As we suspected that her clinical condition was explained by tacrolimus encephalopathy, the tacrolimus was withdrawn and immunosuppressive treatment was changed to cyclosporine (200 mg, twice a day) and mycophenolate mofetil (750 μg twice a day) on the day of admission. The next few days the patient felt better; her headache disappeared and she was more alert. On day 7 of admission she again experienced severe headache, nausea, drowsiness, and blurred vision. On examination she now had a left homonymous hemianopia. Blood pressure was increased at 150/100 mm Hg. Repeated laboratory screening showed no abnormalities. The serum concentration of cyclosporine was 0.13 mg/l. A second magnetic resonance scan of the brain demonstrated more marked hyperintense lesions in the cerebellum on T2 weighted images and new hyperintense lesions in the right parieto-occipital lobe (fig 1E–H). Subsequently, cyclosporine was also withdrawn and a calcineurin inhibitor sparing regimen was started by adding sirolimus (5 mg once a day) and increasing the dose of mycophenolate mofetil to 1 mg twice a day. After withdrawal of cyclosporine the signs and symptoms gradually cleared in the course of one week; the homonymous hemianopia almost disappeared. The patient could be discharged in good clinical condition 15 days after admission. A third MRI scan showed almost no abnormalities anymore and the fourth ventricle had regained its normal shape (fig 1I and J). The patient had no residual symptoms when she visited our outpatient clinic six weeks after discharge.
Tacrolimus encephalopathy and cyclosporine encephalopathy are a form of reversible posterior leucencephalopathy (PLE).2–4 This syndrome also includes hypertensive encephalopathy and the encephalopathy seen in eclampsia.2–4 The pathogenesis of PLE is largely unknown. The lesions of PLE can best be visualised by MRI with fluid attenuated inversion recovery.5 Diffusion weighted images and apparent diffusion coefficient maps in the case of PLE are mostly normal or show areas with increased diffusion, suggesting neurotoxicity rather than acute ischaemia (low diffusion). It has been postulated that tacrolimus and cyclosporine have direct toxic effects on vascular endothelial cells in the nervous system, resulting in the release of endothelin, prostacyclin, and thromboxane, which in turn causes uncontrolled vasoconstriction and vasospasm in cerebral vessels. This impairment of cerebral blood flow may lead to white matter oedema and reversible ischaemia.4 The reason for the susceptibility of the posterior part of the brain to these disturbances in cerebral blood flow is not clear but a possible factor is the paucity of perivascular sympathetic innervation, an important control mechanism of cerebral blood flow. The lack of sympathetic tone may result in less protection against perfusion changes in the posterior part of the brain. The alternation of vasoconstriction and dilatation may also explain the sudden and severe headache in our patient. This is supported by another study that found segmental intracerebral arterial vasoconstriction and vasospasm in acute idiopathic headache.6 Theoretically, the acute headache could also be explained by a demyelinating lesion in the periaquaductal grey matter, as this has previously been described as a presenting symptom of multiple sclerosis.7 However, a normal cerebrospinal fluid analysis, complete resolution of lesions on MRI, and the absence of a lesion in the periaquaductal grey matter excluded this explanation for the symptoms in our patient. Generally symptoms of PLE present in subacute fashion and gradually progress, except in case of sudden onset seizures. Headache is a common symptom of PLE and mostly described as mild. The presentation of our patient with an acute severe headache in tacrolimus encephalopathy is very unusual. Ancillary investigations excluded vascular causes. That the headache subsided after tacrolimus and subsequently cyclosporine were withdrawn suggests a causal relation with the use of these drugs. It is important to recognise tacrolimus encephalopathy in addition to the more usual manifestations of PLE because irreversible brain damage or even death may occur if adequate actions are not undertaken.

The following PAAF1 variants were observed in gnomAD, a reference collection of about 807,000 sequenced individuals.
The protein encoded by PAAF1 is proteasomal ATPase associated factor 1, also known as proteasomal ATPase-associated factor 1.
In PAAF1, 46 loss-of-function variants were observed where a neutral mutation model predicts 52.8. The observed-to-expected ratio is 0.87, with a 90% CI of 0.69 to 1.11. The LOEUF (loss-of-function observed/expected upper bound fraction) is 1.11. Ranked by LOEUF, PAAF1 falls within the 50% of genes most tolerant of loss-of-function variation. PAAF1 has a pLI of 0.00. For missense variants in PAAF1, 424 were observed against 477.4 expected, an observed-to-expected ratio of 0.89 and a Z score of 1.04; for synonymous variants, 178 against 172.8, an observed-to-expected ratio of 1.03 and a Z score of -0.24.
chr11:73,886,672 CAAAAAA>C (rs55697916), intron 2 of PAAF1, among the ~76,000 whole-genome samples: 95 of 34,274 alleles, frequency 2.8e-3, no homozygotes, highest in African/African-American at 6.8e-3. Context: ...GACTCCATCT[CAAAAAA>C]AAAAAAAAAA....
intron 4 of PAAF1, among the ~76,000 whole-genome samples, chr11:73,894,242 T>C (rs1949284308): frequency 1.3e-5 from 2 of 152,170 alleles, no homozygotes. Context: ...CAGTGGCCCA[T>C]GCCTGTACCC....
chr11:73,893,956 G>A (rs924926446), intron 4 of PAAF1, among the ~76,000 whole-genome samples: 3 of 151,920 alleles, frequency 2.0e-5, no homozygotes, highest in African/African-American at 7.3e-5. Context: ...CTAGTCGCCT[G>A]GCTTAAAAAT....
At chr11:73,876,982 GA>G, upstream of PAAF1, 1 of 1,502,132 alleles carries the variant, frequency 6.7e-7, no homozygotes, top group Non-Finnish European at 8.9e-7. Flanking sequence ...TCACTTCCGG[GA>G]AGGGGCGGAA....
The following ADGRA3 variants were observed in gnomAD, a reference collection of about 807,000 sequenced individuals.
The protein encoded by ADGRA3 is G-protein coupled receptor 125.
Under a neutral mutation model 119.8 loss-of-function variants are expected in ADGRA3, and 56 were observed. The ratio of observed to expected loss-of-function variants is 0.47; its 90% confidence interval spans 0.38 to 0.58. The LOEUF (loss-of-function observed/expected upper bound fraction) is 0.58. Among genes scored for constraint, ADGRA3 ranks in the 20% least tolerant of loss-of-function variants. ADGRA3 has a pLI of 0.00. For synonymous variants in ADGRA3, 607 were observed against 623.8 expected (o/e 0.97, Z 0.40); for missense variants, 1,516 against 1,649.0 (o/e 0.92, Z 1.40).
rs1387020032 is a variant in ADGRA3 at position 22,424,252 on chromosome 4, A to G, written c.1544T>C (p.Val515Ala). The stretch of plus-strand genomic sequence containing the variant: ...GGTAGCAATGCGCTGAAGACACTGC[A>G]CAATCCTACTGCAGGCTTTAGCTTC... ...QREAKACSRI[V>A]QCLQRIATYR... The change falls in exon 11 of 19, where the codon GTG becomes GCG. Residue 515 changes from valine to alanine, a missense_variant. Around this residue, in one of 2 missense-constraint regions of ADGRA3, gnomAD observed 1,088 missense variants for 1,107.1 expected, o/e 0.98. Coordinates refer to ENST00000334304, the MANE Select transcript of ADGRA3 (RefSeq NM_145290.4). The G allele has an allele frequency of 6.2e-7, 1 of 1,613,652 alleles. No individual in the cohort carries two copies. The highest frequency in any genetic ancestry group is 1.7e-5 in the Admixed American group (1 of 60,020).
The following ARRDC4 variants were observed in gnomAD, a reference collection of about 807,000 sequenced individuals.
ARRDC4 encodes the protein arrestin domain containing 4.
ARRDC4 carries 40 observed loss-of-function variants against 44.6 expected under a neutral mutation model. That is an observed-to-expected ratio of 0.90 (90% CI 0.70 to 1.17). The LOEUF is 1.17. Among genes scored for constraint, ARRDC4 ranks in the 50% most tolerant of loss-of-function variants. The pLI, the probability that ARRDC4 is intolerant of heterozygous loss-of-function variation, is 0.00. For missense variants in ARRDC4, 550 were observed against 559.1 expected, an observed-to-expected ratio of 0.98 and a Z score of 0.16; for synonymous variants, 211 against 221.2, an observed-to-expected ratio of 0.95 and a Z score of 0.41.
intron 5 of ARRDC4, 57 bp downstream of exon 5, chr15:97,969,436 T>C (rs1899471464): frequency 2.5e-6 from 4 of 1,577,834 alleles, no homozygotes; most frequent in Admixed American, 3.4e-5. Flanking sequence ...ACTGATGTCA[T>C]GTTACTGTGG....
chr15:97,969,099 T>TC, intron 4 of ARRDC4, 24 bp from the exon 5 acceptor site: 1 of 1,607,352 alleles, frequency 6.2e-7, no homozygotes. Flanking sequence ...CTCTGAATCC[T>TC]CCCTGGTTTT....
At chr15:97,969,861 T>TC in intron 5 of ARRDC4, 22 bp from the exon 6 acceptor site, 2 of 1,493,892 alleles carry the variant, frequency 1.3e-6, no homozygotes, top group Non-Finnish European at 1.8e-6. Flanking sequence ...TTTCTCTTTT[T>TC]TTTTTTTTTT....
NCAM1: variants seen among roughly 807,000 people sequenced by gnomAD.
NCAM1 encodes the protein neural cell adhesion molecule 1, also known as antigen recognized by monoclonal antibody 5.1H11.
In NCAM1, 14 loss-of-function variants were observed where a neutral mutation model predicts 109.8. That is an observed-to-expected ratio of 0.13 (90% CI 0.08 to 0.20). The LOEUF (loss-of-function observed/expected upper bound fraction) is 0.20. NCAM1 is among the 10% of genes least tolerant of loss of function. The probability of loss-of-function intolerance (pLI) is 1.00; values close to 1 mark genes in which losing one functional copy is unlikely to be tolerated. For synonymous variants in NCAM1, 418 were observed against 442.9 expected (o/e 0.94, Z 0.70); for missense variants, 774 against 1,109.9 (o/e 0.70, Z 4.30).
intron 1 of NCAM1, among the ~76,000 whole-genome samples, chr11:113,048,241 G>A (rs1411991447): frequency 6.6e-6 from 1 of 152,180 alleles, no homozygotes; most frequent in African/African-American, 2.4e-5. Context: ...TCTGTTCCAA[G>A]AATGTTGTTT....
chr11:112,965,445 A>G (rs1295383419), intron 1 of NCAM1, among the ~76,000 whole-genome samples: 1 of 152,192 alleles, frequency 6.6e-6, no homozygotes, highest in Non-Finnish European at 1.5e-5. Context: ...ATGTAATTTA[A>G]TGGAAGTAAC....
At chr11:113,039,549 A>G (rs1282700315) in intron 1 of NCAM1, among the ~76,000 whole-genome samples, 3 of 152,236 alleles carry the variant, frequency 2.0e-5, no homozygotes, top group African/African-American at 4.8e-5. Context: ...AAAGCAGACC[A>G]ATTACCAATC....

Competing interests: none declared.